4. Swarms of insects. Analyzing the biblical account in the context of science, Marr and Malloy conclude the culprit was the stable fly, which naturally occurred in large numbers with the ebbing of the river.4 The flies occurred in even greater numbers in Exodus because “abundant rotting vegetation fosters ideal harborage for its emerging larvae.”5
  5. Death of Egyptian livestock. Marr and Malloy believe African horse sickness and/or bluetongue—both viral diseases transmitted biologically by the Culicoides gnat—caused the animals’ death. Both diseases affect the hoofed animals mentioned in Exodus, but not humans.6
  6. Boils. Marr and Malloy suggest these boils were actually glanders, a bacterial disease transmitted through stable fly bites. In humans it presents as “nodular eruptions on the face, legs, arms.”7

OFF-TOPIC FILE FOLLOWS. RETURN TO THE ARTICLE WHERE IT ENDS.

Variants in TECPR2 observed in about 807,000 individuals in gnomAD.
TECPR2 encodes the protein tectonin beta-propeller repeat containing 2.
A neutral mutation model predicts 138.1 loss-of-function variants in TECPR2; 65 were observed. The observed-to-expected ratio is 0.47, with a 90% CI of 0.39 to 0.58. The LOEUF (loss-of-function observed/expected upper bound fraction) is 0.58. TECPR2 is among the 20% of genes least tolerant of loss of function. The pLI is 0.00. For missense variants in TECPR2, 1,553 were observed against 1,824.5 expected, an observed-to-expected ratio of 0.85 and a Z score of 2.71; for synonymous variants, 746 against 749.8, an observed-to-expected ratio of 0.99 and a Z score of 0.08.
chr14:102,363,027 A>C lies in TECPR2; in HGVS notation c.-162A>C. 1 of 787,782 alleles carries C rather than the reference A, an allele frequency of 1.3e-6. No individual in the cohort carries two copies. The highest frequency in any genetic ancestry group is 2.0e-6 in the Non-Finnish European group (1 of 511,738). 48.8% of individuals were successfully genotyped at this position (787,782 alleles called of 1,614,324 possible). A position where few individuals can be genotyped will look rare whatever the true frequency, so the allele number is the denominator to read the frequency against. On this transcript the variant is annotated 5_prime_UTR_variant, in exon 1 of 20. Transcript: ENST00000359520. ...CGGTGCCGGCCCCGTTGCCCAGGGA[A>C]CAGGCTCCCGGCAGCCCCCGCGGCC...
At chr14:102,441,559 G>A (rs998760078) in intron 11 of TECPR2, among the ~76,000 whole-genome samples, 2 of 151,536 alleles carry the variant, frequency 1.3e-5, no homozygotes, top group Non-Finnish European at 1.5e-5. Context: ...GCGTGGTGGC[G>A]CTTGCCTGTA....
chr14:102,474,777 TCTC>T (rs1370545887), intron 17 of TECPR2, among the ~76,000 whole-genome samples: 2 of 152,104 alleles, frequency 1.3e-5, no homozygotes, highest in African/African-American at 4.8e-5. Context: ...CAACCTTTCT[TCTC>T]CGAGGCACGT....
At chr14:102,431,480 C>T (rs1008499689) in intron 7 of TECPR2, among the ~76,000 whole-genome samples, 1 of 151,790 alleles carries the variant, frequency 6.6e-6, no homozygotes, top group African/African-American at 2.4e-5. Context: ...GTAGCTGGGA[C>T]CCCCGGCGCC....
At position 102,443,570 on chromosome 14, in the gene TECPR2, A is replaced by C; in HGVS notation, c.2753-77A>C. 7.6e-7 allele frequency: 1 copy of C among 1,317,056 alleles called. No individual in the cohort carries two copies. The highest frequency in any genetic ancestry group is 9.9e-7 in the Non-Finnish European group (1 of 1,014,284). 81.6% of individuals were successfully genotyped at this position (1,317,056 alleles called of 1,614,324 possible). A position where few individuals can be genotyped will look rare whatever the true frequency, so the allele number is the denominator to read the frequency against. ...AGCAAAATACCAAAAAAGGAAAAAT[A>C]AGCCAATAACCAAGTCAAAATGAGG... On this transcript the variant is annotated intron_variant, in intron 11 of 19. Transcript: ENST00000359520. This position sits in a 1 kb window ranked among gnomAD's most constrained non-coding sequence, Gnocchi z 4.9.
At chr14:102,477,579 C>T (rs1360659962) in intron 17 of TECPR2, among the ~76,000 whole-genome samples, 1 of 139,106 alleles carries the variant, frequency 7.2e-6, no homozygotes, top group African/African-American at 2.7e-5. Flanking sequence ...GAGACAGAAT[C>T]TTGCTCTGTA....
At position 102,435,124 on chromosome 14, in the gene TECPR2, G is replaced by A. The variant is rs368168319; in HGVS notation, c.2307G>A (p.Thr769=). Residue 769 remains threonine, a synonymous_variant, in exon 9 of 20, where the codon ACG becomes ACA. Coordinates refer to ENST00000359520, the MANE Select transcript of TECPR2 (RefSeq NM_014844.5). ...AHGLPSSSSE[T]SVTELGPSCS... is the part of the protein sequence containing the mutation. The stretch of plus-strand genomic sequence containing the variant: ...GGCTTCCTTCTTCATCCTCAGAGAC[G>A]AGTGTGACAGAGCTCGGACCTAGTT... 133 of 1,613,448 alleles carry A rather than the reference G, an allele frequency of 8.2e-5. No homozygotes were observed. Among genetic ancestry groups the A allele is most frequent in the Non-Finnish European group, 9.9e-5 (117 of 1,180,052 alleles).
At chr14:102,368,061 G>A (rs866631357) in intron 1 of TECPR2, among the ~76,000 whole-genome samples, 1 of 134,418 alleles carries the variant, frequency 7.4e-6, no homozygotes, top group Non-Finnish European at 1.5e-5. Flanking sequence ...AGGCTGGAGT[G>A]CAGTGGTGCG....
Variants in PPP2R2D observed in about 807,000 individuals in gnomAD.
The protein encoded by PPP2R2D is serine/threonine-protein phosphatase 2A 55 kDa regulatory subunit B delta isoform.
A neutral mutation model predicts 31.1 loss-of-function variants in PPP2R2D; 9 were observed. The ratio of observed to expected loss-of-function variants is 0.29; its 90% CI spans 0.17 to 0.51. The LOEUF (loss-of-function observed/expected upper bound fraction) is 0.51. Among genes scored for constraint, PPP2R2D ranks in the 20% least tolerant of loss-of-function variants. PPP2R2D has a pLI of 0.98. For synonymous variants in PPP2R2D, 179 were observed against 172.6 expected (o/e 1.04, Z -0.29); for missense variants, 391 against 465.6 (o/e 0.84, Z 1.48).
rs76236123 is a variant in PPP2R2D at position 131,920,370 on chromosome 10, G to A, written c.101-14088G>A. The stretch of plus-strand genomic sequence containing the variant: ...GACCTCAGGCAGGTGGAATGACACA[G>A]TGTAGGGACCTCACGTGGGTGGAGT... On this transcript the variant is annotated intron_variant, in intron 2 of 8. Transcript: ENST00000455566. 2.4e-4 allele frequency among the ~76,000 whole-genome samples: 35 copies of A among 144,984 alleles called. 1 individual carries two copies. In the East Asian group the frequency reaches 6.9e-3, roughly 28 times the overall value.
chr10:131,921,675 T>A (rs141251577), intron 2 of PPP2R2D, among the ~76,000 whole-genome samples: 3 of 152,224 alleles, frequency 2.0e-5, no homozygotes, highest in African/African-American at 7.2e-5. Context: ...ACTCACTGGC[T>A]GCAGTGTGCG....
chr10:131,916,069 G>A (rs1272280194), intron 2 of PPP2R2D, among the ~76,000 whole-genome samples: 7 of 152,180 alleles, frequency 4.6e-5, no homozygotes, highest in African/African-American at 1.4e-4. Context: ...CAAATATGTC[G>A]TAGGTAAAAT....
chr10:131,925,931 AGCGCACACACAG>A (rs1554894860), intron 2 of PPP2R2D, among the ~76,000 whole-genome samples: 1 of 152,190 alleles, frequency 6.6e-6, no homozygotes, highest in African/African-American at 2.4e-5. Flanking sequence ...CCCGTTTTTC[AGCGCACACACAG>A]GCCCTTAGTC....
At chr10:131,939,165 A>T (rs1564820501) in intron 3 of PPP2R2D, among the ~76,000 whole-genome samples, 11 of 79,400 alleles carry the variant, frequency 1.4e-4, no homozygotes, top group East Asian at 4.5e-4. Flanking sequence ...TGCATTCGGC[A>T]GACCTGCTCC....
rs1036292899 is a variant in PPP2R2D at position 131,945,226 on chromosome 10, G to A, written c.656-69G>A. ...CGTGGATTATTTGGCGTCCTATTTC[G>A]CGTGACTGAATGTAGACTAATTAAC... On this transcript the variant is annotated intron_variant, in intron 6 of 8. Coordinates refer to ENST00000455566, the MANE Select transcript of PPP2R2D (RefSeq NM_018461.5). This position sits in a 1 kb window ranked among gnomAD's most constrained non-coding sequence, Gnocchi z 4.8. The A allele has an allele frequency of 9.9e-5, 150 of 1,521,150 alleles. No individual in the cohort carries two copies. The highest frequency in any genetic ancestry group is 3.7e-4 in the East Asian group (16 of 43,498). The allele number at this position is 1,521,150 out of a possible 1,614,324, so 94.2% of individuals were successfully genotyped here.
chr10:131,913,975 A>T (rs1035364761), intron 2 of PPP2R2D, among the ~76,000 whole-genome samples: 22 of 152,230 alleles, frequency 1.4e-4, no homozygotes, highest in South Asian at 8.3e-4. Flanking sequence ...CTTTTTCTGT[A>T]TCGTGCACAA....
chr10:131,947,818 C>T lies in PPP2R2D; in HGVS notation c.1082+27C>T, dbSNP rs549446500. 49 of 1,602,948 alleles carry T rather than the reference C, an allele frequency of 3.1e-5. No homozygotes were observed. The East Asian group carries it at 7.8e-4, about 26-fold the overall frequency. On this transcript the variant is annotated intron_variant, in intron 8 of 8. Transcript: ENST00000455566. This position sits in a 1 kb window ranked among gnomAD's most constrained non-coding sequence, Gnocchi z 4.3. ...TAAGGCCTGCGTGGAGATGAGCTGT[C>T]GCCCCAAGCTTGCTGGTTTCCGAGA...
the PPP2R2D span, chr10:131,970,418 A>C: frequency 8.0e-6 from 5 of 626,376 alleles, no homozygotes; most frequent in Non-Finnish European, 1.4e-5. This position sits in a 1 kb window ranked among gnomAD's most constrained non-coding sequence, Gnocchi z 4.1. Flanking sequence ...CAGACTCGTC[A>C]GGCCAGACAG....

7. Hail. This plague illustrated God’s power over the forces of nature: sending the hailstorm at a precise time, place, and intensity.
  8. Locusts. Swarms of desert locust are not an unusual occurrence; however, they require wet soil, which attracts millions of insects to settle and lay their eggs.8 This is surely a consequence of the rain which “poured on the earth” (Exodus 9:33b, NASB) in the hailstorm.
  9. Darkness. This plague was so oppressive that the Egyptians could not leave their homes. The scientific consensus seems to be that the darkness was due to a khamsin, hot southerly winds from the Sahara which “cause massive drifts and dunes of ultrafine sand in the lees of houses, making entrance and egress impossible” and which “commonly last for two or three days.”9
  10. Death of the Egyptian firstborns. Marr and Malloy attribute these deaths to mycotoxins in the grain supply as a result of mold brought on by the hailstorm.10 Other scholars propose typhoid fever11 and anthrax.12 In any case, this plague is not as easily connected to a natural explanation as the earlier plagues. It is highly possible—perhaps likely—that this was a true supernatural miracle: that the LORD literally “pass[ed] through to smite the Egyptians” (Exodus 12:23, NASB).